However, making your art your day job is problematic. Your dreams become product, your audience becomes a customer base. There has to be a compromise between the artist's vision and what the audience is willing to consume (and what the producer/publishing house/venue is willing to put their name on). I'm not saying that full-time professional artists lack integrity, but there is the lack of the ability to say to a largely critical public, "Go fuck yourself, I don't need you" without the likelihood of completely ruining everything you've built up.

Then there's the issue of fame. How many people have to approve of what you do before you're satisfied that it's successful? I seem to recall reading something that Stephen King wrote (I think it's in On Writing) where he says that he writes primarily for his wife Tabitha, but I'm sure the millions of fans are a nice fringe benefit (and have some sway over his creative process).

It is so desirable, so lovely, to have what you do mean something, really mean something, to someone you've never met. And yet to let something you've created float off into the unknown fog of the minds of other people is a scary prospect, and I imagine requires a healthy lack of ego. Nobody is ever going to see what you've made in the same way that you have, and you're certainly not going to have more than a ten page introduction or an occasional magazine interview to explain to the world that your protagonist is based on a dream you had where the president was a closeted homosexual and this is the kind of person you imagine his press secretary would be, even though the novel takes place in Kyoto during the Tokugawa shogunate. When I would write critical essays for the English courses I took in college, I often imagined the author standing next to me, reading over my shoulder. More often than not, their reaction was along the lines of, "Are you fucking kidding me?"

It still doesn't change the pit I feel in my stomach when filling out applications for retail stores and restaurants, but at least we can all be miserable together.

Tuesday, September 9, 2008

Almost Always

It's been three years since I've applied for a retail position, and somehow in that short amount of time the process has become more draining. A lot of corporations are going paperless, which gives me the eco-friendly warm fuzzies, but with the applications that I can complete from the comfort of my own laptop come the ridiculous personality tests.

I had to take one of these once before. When I was in high school, I applied for a position at a CD store (ask your parents) where my best friend worked, and the interview included one of these tests, which was administered over the phone by an automated voice kerjigger. I had to answer the questions as quickly as possible, so it was all knee-jerk reaction. Of course now, I can sit on my couch and spend the entire night second-guessing myself, stretching out a process that is supposed to take half an hour ad infinitum. On a related note: isn't the concept of taking half an hour to apply for a job, per job, pretty ridiculous? Is that just me?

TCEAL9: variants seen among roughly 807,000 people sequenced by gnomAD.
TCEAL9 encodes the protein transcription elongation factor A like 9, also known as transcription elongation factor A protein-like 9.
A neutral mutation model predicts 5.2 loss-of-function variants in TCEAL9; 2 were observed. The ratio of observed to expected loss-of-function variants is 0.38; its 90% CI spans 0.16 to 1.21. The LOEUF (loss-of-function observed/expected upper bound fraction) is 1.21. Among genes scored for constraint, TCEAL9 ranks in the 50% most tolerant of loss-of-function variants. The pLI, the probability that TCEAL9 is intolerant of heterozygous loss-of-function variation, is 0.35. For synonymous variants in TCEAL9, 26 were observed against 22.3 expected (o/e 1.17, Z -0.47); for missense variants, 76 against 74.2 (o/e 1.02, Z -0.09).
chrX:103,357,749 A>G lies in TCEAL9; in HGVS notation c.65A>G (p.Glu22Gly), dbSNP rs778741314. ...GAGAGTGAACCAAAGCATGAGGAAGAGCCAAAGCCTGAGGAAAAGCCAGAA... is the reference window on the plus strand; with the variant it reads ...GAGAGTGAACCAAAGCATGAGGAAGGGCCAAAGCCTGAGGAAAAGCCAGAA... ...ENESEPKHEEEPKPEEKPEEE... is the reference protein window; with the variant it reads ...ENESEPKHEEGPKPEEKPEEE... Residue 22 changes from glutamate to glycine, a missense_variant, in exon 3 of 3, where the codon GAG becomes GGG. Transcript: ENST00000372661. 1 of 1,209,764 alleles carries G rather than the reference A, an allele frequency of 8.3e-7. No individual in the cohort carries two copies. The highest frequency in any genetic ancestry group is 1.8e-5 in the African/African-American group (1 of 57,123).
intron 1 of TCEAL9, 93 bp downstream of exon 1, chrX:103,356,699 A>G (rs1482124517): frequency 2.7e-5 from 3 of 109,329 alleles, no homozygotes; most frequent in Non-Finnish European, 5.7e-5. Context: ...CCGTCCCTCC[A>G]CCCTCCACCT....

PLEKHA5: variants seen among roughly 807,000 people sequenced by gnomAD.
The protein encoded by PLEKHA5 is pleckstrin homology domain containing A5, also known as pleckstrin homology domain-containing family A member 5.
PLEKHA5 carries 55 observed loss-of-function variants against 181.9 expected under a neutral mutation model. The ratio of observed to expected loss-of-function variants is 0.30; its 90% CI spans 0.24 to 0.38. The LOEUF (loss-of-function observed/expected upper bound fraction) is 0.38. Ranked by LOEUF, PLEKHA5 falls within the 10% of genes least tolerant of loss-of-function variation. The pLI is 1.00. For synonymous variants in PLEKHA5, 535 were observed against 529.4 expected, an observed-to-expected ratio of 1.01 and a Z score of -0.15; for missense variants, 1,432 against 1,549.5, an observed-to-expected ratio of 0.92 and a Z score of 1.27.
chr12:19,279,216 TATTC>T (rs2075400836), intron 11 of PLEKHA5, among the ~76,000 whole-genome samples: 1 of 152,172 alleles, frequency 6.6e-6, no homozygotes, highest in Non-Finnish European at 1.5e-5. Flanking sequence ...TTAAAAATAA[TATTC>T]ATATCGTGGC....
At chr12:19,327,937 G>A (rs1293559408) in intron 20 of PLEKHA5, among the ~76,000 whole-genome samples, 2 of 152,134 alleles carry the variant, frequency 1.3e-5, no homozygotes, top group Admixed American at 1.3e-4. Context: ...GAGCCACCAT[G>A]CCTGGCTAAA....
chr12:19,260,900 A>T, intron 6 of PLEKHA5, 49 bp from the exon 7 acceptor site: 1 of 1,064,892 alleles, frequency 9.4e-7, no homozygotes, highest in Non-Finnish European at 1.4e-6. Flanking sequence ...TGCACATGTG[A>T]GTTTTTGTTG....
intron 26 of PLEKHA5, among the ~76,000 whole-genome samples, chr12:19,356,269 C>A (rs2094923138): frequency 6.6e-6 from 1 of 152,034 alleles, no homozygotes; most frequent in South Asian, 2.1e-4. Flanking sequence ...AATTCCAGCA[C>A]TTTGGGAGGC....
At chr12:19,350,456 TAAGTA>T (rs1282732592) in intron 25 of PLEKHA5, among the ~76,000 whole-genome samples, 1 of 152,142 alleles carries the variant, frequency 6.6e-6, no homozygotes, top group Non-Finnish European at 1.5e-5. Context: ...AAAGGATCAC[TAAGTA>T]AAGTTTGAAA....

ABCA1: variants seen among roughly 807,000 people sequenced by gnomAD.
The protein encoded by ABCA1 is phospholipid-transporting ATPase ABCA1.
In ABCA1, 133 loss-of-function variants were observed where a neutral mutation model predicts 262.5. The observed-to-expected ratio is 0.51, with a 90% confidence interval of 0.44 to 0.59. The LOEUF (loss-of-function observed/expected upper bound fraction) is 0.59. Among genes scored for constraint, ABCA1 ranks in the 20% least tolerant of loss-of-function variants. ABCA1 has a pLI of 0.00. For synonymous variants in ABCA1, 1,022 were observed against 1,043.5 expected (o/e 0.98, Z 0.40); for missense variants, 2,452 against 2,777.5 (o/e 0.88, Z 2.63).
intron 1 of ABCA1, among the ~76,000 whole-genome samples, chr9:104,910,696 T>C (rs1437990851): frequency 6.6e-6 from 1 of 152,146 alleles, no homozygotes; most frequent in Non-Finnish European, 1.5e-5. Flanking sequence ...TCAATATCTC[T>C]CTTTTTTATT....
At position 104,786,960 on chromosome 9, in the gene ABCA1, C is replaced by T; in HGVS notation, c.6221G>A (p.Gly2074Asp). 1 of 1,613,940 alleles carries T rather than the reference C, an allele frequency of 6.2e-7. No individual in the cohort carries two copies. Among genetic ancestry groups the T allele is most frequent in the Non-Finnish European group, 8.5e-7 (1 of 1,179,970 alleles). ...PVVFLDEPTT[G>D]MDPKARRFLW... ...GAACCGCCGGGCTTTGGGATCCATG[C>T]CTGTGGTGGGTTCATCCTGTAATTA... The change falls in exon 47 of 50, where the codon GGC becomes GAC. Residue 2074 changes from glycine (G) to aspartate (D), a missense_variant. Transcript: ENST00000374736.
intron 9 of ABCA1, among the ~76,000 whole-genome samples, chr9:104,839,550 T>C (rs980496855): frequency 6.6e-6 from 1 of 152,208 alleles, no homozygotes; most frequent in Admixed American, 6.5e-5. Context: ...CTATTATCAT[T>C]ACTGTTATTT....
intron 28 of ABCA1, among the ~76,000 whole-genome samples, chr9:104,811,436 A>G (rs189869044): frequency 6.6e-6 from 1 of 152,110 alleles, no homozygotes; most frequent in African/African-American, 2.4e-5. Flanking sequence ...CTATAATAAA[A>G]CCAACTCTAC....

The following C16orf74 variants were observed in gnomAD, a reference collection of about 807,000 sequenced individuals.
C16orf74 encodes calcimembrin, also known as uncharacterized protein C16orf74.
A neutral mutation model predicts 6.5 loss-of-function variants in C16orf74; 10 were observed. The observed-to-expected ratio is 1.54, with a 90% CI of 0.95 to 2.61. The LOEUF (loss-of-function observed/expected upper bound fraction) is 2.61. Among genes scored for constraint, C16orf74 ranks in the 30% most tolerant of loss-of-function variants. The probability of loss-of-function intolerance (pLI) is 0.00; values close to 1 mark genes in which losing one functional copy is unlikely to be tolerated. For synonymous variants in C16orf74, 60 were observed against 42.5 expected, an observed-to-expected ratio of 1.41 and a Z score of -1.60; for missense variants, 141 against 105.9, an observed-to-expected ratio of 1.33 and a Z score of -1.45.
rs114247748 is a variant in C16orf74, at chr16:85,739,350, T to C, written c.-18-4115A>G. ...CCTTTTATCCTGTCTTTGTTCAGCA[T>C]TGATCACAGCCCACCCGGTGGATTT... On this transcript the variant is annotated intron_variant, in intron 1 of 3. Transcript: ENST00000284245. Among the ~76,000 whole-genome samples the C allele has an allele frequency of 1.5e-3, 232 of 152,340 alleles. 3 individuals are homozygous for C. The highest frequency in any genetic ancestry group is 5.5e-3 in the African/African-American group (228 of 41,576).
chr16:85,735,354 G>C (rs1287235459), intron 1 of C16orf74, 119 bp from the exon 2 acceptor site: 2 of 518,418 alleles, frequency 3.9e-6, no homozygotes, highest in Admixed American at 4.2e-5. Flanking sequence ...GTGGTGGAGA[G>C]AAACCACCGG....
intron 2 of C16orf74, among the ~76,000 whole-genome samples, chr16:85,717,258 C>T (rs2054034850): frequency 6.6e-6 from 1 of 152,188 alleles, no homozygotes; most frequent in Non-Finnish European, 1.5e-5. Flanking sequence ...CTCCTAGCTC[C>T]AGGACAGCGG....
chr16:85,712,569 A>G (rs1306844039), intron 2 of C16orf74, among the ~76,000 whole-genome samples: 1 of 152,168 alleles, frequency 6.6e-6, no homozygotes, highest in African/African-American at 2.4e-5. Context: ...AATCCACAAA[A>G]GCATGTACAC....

The general format is multiple choice, with the choices ranging from "Never" to "Always," or "Strongly Disagree" to "Strongly Agree," with varying degrees in between (usually). The questions come in the form of statements, such as "You finish your work no matter what."*

Some of them, such as the one previously mentioned, make a lot of sense in the context of a retail sales job. It's pretty obvious that they want someone who is hard-working, courteous, and honest. However, there are some questions where I just can't discern what they're trying to figure out about me. “You would rather not get involved in other people's problems.” Okay, they're probably weeding out applicants who like to gossip at work and stir up drama. “Agree.” But wait a second... maybe they count looking for the graphic novels section as a problem. Maybe they're trying to see if I'm the kind of employee who would see a confused-looking customer and be proactive about helping them. Well, I'm not a callous jerk... “Disagree.” But there's nothing less professional than two sales associates standing around bitching about their personal lives to each other and ignoring you. “Agree.” But maybe... and so on. I'm lost, and it's cold in here.

Another frustrating aspect of these tests is the unspoken but highly implied quest for perfection. The questions dance the line between being so open-ended as to be interpreted in several different ways and leaving no room for middle ground. “You love to be with people.” Well shit, it depends on the people, doesn't it? But four radio buttons don't leave much room to fully explain my impressions and experiences dealing with people. So, potential employer, I always love to be with people. Whether at a SoHo gallery opening or Hell's Angels gangbang, I am the consummate social butterfly.